Fleet Management

Spot Van, Refrigerated Rates Rebound Slightly

September 09, 2015

By Evan Lockridge

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Spot truckload van and refrigerated freight rates finally recovered a little last week after a period of higher demand and declining fuel surcharges, while flatbeds continued to lose ground, according to DAT Solutions, which operates the DAT network of load boards.

The national average van rate rose 1.7% percent last week compared to the week before, hitting $1.78 per mile, despite a 1-cent decline in fuel surcharges.

During August, the average van rate was $1.75 per mile, 6 cents lower than in July, due partly to a 4-cents drop in the average fuel surcharge, and 25 cents below the rate for August 2014, also due to the fuel price decline that shaved 23 cents per mile off the average surcharge.

Van load availability was up for the second straight week, with load posts increasing 6%. Truck capacity declined 3%, which boosted the national load-to-truck ratio to 2.0 loads per truck. The load-to-truck ratio is a sensitive, real-time indicator of the balance between spot market demand and capacity, according to DAT. Changes in the ratio often signal impending changes in rates.

Refrigerated load volume jumped 4% compared to the previous week while available truck capacity was up just 0.3%. The reefer load-to-truck ratio increased from 4.9 to 5.1 and the average reefer line-haul rate rose 3 cents, but that was offset by a 2 cents decline in fuel surcharges for a national average of $2.04 per mile, resulting in just a 0.5% improvement.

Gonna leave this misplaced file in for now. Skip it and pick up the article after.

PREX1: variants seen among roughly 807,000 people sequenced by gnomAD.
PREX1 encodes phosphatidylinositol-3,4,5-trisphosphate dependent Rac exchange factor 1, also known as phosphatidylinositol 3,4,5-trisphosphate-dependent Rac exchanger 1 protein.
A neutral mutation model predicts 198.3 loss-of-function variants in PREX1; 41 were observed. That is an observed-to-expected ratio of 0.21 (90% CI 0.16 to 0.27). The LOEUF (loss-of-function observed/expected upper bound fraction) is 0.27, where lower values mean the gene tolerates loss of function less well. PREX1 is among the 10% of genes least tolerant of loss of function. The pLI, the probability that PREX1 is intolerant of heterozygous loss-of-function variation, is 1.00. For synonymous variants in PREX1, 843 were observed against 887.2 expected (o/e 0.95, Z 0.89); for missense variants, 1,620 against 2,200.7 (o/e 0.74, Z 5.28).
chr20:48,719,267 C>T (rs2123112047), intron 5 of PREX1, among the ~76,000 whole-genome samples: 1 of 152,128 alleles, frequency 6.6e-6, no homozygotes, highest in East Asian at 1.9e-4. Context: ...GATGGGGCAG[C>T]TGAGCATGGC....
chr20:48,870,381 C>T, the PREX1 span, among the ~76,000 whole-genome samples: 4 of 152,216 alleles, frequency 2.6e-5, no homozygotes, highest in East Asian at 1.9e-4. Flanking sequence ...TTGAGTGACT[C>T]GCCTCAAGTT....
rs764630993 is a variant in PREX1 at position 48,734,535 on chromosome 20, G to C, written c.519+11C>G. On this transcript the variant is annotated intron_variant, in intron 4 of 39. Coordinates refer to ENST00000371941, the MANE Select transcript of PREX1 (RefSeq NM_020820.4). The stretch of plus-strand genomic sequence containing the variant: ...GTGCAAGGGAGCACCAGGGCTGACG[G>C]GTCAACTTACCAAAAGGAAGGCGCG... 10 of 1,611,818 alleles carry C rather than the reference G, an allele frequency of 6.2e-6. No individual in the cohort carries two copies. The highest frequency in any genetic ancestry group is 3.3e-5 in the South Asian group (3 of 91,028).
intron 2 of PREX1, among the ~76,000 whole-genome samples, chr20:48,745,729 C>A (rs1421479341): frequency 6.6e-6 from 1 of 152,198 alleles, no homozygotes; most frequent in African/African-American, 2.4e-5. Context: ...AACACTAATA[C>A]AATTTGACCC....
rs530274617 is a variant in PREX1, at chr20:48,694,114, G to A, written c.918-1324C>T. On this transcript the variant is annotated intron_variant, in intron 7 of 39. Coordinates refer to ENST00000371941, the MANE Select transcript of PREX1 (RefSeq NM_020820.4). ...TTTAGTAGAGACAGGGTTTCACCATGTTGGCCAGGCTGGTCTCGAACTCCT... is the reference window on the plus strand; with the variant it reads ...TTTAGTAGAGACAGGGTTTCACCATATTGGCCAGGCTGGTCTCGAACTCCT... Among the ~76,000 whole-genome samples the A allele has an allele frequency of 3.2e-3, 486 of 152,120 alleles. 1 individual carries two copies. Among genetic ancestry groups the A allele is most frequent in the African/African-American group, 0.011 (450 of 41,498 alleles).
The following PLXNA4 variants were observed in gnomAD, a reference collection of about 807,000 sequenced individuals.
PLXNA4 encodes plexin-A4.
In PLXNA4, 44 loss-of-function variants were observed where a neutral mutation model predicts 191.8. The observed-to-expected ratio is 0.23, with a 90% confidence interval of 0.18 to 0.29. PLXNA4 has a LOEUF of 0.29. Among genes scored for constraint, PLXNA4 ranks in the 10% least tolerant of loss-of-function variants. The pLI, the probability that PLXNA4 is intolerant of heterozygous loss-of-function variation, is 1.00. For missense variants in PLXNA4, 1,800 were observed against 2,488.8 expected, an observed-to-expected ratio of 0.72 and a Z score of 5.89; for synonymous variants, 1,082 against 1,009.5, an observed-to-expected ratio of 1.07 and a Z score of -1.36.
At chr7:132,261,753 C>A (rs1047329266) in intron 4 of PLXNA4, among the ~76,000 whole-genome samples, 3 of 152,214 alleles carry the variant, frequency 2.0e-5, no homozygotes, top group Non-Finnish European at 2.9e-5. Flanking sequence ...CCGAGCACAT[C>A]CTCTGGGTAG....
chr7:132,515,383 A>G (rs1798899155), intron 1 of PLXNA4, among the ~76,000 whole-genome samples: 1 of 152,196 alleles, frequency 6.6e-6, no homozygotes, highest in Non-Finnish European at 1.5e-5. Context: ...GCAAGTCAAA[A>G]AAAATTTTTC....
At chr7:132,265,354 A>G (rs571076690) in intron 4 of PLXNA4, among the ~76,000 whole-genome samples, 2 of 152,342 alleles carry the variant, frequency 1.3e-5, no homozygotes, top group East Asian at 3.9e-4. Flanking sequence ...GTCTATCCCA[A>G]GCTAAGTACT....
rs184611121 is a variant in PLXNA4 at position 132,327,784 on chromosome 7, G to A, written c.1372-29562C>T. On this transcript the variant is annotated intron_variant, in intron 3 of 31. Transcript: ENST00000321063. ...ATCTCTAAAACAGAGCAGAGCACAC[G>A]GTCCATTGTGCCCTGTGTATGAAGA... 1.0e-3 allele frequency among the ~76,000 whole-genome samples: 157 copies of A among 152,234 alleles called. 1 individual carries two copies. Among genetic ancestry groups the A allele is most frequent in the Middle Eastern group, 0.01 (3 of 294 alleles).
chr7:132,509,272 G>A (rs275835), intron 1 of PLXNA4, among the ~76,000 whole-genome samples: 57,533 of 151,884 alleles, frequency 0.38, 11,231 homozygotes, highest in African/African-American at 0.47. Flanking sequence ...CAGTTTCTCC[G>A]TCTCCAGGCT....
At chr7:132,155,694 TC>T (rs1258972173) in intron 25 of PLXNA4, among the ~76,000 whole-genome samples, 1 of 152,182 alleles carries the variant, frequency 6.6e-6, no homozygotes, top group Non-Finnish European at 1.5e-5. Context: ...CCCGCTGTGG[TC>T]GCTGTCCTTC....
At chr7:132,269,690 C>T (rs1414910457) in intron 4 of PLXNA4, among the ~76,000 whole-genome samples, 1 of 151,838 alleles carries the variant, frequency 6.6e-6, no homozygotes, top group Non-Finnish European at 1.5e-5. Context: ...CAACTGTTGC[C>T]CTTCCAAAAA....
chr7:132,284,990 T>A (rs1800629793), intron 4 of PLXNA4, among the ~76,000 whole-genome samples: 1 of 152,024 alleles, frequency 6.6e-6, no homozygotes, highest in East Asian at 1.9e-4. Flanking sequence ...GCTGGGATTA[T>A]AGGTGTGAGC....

Flatbed load availability slipped 1% but the number of truck posts declined 7%. The national flatbed load-to-truck ratio increased from 9.5 to 10.1 loads per truck but the average flatbed rate slipped 1% to $2.04 per mile.

This activity happened as the national average price of diesel rose 2 cents to $2.53 per gallon last week while the total number of spot market loads available increased 2.7% from the previous week as truck posts on the DAT network fell 2.8%.

While rates remain less than stellar, especially compared to this time a year ago, there is still money to be made in the spot freight market, said DAT Analyst Peggy Dorf in the DAT blog, a few days before these most recent numbers were released.

“While van rates are lackluster as a national average, a few lanes are trending up. There are van loads available for good money on the lane from Columbus to Philadelphia, and the lane from Philly to Buffalo is also paying well above $2.00 per mile.” she wrote. “Take advantage of rising rates by combining those lanes into a triangular route, or tri-haul, and replace the low-paying backhaul from Philly to Columbus [for example] with two higher-paying legs."

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